Above is an image of the Large Magellanic Cloud as seen in the infrared from Spitzer. During observing cycle 1, we observed over 40 SNRs in the LMC with the Infrared Array Camera (IRAC) and the Multiband Imaging Photometer for Spitzer (MIPS) instruments onboard the Spitzer Space Telescope. I've put here some of the good detections, with some brief information on each remnant. This is not intended to be an extensive list or catalog of SNRs in the LMC (there are plenty of other pages on the internet for that). My collaborators on this work are Kazik Borkowski and Steve Reynolds (my research advisors), as well as Bill Blair, Parviz Ghavamian, Ravi Sankrit, Knox Long, John Raymond, Sean Hendrick, Frank Winkler, Sean Points, and Chris Smith.Back to Brian Williams' homepage
DEM L71 and N132D are what I consider to be two ideal cases for examining the properties of SNRs in infrared wavelengths. They are the only examples from our survey of virtually complete detection in more than one wavelength of shell-type SNRs. I will discuss these two in more detail. All of the remnants on this page have excellent correlation with both X-ray images (showing that the dust is collisionally heated by electrons and ions in the plasma) and Hα images, which show a correlation with non-radiative Balmer-dominated shocks. This is important because it rules out any significant contribution from emissin lines that have been observed in other SNRs where radiative shocks are present.
DEM L71 was the first case in our survey of a shell supernova remnant with clear detection of the entire shell. Up to this point, we had no idea if it was even going to be possible to detect the shell, given the amount of IR background present in pretty much any direction you look. We were completely blown away by this image. The remnant itself is the result of a thermonuclear (type Ia) supernova that occured nearly 4500 years ago. The shell structure in the IR image to the left (MIPS 24 µm) corrresponds perfectly to X-ray images, which shows the emission from hot gas behind the expanding shock wave. This was further confirmation of previous work done over the past few decades regarding the interaction of the shock with the interstellar medium (ISM). The same hot plasma which emits the X-rays seen in Chandra images of the remnant also heats dust grains residing in the ISM to temperatures of ~100 K, which causes them to re-radiate energy in the IR. This emission from ISM grains is what we see in the Spitzer image.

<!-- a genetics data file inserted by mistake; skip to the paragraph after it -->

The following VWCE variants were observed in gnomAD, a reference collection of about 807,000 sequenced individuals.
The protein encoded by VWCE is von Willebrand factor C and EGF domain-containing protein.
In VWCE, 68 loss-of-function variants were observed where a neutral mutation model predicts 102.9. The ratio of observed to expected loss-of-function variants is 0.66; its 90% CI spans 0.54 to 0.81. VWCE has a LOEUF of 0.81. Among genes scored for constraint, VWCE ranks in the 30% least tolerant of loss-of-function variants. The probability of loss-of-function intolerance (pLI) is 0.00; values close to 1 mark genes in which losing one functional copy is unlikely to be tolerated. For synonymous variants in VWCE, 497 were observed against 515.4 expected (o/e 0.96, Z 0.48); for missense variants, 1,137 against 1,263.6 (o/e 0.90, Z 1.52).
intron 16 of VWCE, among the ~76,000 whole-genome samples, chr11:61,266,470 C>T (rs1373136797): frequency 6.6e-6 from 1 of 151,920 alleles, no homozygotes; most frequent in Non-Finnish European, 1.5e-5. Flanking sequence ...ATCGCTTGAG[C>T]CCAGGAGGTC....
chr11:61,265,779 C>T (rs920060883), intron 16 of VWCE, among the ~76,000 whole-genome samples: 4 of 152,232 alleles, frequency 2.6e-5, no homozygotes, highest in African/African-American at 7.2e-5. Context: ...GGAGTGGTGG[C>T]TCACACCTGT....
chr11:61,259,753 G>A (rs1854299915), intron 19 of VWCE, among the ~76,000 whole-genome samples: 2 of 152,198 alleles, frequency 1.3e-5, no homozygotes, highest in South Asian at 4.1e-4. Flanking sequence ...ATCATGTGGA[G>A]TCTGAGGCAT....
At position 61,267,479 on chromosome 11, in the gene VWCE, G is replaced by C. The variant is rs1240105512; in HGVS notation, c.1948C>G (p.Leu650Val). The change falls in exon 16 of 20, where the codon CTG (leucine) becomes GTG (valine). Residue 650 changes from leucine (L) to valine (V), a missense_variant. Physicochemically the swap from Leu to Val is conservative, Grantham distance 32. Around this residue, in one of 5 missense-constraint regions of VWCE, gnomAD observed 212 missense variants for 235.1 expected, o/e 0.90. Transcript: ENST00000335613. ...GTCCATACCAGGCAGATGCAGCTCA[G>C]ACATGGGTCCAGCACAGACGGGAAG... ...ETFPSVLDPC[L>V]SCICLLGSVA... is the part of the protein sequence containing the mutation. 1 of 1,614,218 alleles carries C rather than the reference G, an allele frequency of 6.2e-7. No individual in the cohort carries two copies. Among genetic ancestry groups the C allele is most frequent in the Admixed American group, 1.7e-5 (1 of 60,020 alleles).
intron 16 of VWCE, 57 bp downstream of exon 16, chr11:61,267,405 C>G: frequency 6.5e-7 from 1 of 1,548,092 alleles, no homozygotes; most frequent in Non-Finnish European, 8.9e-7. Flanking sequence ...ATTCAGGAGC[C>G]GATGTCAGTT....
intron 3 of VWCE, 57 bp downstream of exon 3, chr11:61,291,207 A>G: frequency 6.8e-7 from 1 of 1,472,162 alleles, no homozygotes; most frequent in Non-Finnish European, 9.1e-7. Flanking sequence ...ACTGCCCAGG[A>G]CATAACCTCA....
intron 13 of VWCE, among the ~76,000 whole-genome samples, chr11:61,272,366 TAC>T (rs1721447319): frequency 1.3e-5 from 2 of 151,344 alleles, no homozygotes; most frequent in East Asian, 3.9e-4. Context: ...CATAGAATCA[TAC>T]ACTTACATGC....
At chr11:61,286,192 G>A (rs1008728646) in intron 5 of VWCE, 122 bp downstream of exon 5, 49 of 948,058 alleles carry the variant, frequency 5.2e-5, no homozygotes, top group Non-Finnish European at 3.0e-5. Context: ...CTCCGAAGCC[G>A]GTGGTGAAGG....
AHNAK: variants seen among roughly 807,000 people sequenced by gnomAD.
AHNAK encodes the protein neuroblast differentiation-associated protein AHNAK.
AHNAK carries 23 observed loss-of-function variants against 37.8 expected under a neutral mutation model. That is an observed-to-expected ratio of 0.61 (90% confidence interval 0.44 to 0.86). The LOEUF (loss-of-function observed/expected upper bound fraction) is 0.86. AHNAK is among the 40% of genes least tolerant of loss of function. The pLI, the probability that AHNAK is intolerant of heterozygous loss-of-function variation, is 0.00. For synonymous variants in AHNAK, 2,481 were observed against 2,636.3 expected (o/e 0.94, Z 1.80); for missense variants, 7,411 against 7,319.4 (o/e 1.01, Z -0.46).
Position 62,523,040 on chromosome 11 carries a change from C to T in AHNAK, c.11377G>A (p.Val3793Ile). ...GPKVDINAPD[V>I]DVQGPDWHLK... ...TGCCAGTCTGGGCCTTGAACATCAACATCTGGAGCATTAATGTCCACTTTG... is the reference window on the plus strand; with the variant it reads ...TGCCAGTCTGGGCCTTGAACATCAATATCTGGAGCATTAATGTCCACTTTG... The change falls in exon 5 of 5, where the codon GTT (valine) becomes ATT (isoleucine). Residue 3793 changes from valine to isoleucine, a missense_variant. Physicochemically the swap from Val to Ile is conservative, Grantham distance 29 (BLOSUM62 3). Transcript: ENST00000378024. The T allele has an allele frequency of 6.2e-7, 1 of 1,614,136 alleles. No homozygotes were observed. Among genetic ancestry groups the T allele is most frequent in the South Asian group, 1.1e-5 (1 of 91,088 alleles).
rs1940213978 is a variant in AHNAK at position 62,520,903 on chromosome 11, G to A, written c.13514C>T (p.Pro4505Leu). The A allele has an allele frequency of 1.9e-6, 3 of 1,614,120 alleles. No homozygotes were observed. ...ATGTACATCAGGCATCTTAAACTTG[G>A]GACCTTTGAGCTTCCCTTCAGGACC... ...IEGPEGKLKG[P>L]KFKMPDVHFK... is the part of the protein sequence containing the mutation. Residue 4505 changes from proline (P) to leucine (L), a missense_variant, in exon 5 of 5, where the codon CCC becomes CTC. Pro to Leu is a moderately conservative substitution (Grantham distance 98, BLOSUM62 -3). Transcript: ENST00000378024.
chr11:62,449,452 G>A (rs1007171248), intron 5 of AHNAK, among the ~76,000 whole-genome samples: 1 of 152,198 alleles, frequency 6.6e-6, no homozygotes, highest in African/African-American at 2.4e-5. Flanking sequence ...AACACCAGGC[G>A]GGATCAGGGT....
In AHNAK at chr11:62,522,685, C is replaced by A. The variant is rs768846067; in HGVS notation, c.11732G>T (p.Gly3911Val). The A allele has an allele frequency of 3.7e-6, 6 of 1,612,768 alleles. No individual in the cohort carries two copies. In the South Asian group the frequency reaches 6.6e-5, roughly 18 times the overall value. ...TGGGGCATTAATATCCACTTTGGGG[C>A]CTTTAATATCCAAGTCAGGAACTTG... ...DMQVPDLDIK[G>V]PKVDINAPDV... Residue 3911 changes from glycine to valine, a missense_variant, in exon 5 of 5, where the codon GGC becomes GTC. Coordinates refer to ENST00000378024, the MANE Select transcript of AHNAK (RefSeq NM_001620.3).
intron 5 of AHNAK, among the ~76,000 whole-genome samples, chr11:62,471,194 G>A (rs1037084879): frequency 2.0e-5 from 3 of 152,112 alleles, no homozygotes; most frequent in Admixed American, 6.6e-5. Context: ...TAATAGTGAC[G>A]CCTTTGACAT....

Analysis of this remnant (at both 24 and 70 µm) (Borkowski et al. 2006) also confirmed that destruction of dust grains via sputtering does take place in the shock. As much as 50% of the mass originally contained in dust grains is sputtered and returned to the ISM in gaseous phase. Further study also confirmed that it is possible to use IR observations to constrain the density of the ISM behind of the shock. While densities can be derived from X-ray images, the connection between X-ray emission measure and density rests on a number of assumptions. Neglecting any possible effects of cosmic-ray modification of the shock, we find post-shock densities in the neighborhood of 2.5 cm-3, which gives pre-shock densities of ~0.6 cm-3. We are also able to determine the total amount of dust radiating at 24 µm is 0.034 solar masses. Even taking into account the effects of grain sputtering, this amount falls well short of the expected mass in dust grains by a factor of ~5, assuming the canonical value for dust-to-gas mass ratio. This discrepancy is currently unexplained, but has been confirmed in many other SNRs as well, including 1987A (Bouchet et al. 2006) and the SMC remnant E0102.2-7219 (Stanimirovic et al. 2005), as well as the other remnants in our sample detailed on this page.